January 9, 2019
Alyssa Grube, MS/PhD student in environmental sciences and engineering at the Gillings School, has received a graduate fellowship from Duke University’s Triangle Center for Evolutionary Medicine (TriCEM).
Grube’s research proposal, “Lessons From the Environmental Resistome in Galápagos: A One Health Perspective,” is funded for the calendar year 2019 in the amount of $7,500.
“I am honored and grateful for this award from TriCEM, which will directly support analysis of Galápagos wildlife gut microbiome samples,” Grube said. “This work will add to our understanding of antibiotic-resistant organisms in natural systems and the extent to which the environment acts as a reservoir for antibiotic resistance.”
TriCEM, a nonprofit institute exploring the intersection of evolutionary science and medicine, is operated jointly by Duke University, The University of North Carolina at Chapel Hill, North Carolina Central University, and North Carolina State University. The institute serves as an incubator to promote innovative developments in the theory and practice of evolutionary medicine by fostering cross-disciplinary collaborations among Triangle (N.C.)-based scholars, physicians, veterinarians, public health workers and others.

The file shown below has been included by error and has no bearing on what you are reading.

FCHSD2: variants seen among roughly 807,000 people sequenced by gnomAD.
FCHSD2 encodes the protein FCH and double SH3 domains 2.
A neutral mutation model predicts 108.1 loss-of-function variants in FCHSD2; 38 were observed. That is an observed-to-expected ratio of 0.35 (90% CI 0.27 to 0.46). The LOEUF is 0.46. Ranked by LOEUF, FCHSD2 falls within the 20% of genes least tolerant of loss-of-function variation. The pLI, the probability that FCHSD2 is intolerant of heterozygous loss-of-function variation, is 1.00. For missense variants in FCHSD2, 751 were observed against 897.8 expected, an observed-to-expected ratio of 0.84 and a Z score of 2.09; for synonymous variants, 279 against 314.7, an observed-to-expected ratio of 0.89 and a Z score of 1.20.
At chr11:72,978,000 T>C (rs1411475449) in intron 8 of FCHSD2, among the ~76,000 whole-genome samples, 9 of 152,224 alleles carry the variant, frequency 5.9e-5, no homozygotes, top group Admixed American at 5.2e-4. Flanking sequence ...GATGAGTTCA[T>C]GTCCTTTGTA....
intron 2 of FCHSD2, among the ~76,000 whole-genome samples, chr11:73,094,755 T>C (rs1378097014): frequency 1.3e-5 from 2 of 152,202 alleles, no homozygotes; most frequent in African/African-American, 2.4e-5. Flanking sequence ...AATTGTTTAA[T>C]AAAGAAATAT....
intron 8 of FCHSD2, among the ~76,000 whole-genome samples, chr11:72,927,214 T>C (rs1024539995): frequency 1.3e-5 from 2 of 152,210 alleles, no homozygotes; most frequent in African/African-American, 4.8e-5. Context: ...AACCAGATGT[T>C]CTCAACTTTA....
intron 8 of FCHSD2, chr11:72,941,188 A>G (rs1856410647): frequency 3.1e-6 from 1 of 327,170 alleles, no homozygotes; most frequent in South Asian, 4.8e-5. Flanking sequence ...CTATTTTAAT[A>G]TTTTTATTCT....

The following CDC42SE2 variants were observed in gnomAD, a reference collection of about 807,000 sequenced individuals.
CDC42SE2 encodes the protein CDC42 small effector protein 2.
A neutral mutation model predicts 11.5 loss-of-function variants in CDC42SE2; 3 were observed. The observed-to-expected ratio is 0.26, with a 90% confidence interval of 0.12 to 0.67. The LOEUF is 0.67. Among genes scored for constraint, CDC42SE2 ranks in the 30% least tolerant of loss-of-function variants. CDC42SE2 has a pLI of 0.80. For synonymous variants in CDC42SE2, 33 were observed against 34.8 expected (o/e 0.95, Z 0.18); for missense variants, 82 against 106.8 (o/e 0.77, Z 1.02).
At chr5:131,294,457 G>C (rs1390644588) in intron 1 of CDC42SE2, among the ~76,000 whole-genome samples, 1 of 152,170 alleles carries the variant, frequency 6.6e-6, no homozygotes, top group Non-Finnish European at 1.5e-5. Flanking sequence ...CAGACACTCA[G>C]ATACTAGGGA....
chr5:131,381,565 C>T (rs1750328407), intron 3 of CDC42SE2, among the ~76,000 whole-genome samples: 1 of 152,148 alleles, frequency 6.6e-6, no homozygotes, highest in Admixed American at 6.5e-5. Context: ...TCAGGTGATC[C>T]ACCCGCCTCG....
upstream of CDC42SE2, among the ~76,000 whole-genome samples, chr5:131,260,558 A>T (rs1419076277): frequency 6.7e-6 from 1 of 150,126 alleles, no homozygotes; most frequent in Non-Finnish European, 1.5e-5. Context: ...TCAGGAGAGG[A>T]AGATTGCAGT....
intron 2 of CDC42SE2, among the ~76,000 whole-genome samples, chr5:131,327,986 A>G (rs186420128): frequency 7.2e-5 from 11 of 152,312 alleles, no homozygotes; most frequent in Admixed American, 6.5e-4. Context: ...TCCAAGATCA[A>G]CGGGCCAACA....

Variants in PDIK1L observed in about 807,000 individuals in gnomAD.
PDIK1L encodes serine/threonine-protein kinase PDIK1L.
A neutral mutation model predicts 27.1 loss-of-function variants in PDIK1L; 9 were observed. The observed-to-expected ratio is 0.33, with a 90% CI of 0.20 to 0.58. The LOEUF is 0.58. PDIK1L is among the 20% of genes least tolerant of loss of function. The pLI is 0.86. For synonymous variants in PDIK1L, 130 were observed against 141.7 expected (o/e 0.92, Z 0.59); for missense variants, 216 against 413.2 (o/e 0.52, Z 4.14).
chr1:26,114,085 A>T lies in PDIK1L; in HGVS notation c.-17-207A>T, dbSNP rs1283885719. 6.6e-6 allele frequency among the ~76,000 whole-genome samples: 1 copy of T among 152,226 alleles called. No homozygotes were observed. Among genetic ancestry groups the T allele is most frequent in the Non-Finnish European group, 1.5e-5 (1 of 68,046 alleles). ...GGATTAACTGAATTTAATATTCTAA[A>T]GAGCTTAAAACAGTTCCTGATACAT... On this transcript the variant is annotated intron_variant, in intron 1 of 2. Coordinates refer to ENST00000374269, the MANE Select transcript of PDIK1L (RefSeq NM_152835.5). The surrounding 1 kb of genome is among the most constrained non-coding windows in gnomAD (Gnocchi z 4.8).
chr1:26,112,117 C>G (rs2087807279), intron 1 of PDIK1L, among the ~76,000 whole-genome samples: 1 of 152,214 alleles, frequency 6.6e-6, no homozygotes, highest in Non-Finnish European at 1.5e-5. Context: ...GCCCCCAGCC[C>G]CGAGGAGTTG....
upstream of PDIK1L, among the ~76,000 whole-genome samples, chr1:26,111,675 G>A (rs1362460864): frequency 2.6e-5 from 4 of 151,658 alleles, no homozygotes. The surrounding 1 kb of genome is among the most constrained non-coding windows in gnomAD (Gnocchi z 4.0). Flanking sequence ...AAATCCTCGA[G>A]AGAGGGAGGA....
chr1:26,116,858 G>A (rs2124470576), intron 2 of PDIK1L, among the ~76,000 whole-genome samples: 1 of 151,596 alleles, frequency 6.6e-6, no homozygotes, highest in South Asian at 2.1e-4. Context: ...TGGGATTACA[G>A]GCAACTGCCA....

Contact the Gillings School of Global Public Health communications team at firstname.lastname@example.org.